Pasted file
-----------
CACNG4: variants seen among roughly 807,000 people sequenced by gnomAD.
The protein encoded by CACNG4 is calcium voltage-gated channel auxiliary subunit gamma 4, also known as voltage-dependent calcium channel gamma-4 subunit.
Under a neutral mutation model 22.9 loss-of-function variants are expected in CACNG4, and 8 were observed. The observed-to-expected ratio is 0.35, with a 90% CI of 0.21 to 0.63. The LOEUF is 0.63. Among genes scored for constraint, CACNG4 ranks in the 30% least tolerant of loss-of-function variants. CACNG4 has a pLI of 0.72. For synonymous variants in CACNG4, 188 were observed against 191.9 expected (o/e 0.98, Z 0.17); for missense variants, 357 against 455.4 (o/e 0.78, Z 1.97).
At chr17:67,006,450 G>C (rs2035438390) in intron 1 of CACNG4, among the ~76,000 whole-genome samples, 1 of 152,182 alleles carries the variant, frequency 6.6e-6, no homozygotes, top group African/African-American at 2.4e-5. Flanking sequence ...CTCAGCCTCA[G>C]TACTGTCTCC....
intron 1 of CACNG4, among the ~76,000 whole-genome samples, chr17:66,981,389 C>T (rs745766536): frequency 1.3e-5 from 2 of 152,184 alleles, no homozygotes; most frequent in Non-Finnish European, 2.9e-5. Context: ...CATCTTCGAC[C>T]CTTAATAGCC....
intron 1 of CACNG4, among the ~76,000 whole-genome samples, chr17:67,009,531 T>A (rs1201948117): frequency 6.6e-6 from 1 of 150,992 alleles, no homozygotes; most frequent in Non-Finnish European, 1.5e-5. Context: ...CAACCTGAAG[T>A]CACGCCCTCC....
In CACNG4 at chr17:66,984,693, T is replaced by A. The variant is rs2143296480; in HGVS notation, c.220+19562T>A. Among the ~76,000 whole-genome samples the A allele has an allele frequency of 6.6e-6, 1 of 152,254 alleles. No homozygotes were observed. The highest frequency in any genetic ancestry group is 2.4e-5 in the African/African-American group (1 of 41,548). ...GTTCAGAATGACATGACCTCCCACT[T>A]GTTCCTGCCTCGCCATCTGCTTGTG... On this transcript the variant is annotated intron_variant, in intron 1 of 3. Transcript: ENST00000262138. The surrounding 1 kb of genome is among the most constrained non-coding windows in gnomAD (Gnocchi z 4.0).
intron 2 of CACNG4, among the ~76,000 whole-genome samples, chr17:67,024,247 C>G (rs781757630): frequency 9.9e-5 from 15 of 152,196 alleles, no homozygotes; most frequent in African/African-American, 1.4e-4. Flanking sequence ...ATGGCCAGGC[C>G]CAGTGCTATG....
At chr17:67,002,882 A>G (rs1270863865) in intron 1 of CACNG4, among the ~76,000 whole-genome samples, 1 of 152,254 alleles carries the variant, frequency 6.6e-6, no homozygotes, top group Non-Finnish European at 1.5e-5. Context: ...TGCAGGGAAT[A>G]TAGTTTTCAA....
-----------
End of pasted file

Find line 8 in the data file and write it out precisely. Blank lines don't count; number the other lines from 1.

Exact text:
intron 2 of CACNG4, among the ~76,000 whole-genome samples, chr17:67,024,247 C>G (rs781757630): frequency 9.9e-5 from 15 of 152,196 alleles, no homozygotes; most frequent in African/African-American, 1.4e-4. Flanking sequence ...ATGGCCAGGC[C>G]CAGTGCTATG....